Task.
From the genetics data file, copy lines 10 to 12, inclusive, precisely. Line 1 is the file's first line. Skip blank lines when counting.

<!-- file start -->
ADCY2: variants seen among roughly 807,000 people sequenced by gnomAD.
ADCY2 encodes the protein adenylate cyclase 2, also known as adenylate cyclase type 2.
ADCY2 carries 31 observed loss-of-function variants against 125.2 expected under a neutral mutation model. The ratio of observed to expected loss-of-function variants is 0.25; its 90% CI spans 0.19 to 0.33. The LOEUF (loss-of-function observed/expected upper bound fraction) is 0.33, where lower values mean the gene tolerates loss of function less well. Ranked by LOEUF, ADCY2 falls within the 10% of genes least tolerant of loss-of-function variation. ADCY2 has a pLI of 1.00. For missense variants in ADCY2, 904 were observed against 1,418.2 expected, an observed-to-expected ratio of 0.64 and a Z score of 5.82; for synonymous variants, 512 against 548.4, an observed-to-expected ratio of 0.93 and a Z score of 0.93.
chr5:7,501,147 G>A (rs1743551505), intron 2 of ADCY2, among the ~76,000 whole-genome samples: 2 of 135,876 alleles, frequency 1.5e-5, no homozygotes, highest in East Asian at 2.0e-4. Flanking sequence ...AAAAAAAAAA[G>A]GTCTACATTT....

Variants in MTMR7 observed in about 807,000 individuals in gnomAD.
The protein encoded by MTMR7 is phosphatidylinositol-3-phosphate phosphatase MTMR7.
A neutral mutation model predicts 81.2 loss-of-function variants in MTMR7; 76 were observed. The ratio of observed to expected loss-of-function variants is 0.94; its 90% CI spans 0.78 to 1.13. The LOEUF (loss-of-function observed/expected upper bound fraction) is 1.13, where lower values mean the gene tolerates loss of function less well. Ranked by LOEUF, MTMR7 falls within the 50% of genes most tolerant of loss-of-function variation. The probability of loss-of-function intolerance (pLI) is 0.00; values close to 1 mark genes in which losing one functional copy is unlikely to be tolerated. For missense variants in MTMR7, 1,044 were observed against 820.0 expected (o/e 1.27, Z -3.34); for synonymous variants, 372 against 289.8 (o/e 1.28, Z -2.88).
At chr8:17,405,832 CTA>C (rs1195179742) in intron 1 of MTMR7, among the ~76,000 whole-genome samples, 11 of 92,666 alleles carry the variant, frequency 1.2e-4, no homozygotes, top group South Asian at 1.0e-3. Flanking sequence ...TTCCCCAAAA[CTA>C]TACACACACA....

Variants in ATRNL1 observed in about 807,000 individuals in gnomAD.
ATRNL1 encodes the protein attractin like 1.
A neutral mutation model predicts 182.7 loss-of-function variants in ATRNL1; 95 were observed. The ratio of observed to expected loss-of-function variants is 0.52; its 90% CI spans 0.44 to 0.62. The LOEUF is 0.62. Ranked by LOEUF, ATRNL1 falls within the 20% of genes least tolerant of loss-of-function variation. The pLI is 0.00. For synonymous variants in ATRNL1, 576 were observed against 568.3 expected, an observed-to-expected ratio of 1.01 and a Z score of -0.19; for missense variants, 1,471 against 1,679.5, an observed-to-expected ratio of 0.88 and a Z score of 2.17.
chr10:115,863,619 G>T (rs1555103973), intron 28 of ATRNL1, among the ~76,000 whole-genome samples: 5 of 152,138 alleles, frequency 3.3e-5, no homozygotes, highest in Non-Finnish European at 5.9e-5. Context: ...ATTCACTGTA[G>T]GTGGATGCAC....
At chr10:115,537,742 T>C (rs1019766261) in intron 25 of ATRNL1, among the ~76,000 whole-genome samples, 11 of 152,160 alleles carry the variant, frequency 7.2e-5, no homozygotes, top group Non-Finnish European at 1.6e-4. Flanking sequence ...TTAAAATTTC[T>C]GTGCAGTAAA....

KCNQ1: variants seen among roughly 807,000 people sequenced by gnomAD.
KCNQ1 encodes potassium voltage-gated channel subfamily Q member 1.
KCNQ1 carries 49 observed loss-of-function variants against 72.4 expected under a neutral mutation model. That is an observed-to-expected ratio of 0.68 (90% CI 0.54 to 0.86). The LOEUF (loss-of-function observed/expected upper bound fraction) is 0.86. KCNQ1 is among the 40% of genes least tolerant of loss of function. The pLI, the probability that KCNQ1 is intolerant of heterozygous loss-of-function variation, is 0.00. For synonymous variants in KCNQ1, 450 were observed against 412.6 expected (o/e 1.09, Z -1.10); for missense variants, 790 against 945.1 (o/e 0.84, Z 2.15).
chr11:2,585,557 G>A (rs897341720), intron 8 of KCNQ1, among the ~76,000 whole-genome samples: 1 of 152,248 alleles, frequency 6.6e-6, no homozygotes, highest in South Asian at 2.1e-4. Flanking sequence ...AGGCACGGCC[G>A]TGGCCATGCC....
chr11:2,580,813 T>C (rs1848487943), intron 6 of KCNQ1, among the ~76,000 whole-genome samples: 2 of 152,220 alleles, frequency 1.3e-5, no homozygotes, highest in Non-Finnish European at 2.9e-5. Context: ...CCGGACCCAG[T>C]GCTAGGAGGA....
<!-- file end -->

ATRNL1 encodes the protein attractin like 1.
A neutral mutation model predicts 182.7 loss-of-function variants in ATRNL1; 95 were observed. The ratio of observed to expected loss-of-function variants is 0.52; its 90% CI spans 0.44 to 0.62. The LOEUF is 0.62. Ranked by LOEUF, ATRNL1 falls within the 20% of genes least tolerant of loss-of-function variation. The pLI is 0.00. For synonymous variants in ATRNL1, 576 were observed against 568.3 expected, an observed-to-expected ratio of 1.01 and a Z score of -0.19; for missense variants, 1,471 against 1,679.5, an observed-to-expected ratio of 0.88 and a Z score of 2.17.
chr10:115,863,619 G>T (rs1555103973), intron 28 of ATRNL1, among the ~76,000 whole-genome samples: 5 of 152,138 alleles, frequency 3.3e-5, no homozygotes, highest in Non-Finnish European at 5.9e-5. Context: ...ATTCACTGTA[G>T]GTGGATGCAC....